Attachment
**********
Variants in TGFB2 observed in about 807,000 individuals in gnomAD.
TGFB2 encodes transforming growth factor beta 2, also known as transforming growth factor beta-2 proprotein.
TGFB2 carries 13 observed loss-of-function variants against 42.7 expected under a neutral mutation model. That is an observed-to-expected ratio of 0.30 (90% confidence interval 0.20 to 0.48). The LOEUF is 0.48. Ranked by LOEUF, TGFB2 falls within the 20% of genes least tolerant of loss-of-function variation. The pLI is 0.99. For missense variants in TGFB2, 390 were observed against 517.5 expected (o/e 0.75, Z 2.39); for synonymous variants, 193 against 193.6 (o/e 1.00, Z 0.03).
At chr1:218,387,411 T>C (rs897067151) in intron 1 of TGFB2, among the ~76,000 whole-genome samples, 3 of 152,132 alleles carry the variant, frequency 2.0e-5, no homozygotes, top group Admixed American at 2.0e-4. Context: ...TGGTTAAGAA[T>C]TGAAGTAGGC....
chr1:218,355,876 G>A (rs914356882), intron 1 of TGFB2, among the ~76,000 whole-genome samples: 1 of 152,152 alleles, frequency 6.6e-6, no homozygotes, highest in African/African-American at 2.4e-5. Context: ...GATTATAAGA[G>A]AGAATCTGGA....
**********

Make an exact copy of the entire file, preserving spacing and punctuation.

Variants in TGFB2 observed in about 807,000 individuals in gnomAD.
TGFB2 encodes transforming growth factor beta 2, also known as transforming growth factor beta-2 proprotein.
TGFB2 carries 13 observed loss-of-function variants against 42.7 expected under a neutral mutation model. That is an observed-to-expected ratio of 0.30 (90% confidence interval 0.20 to 0.48). The LOEUF is 0.48. Ranked by LOEUF, TGFB2 falls within the 20% of genes least tolerant of loss-of-function variation. The pLI is 0.99. For missense variants in TGFB2, 390 were observed against 517.5 expected (o/e 0.75, Z 2.39); for synonymous variants, 193 against 193.6 (o/e 1.00, Z 0.03).
At chr1:218,387,411 T>C (rs897067151) in intron 1 of TGFB2, among the ~76,000 whole-genome samples, 3 of 152,132 alleles carry the variant, frequency 2.0e-5, no homozygotes, top group Admixed American at 2.0e-4. Context: ...TGGTTAAGAA[T>C]TGAAGTAGGC....
chr1:218,355,876 G>A (rs914356882), intron 1 of TGFB2, among the ~76,000 whole-genome samples: 1 of 152,152 alleles, frequency 6.6e-6, no homozygotes, highest in African/African-American at 2.4e-5. Context: ...GATTATAAGA[G>A]AGAATCTGGA....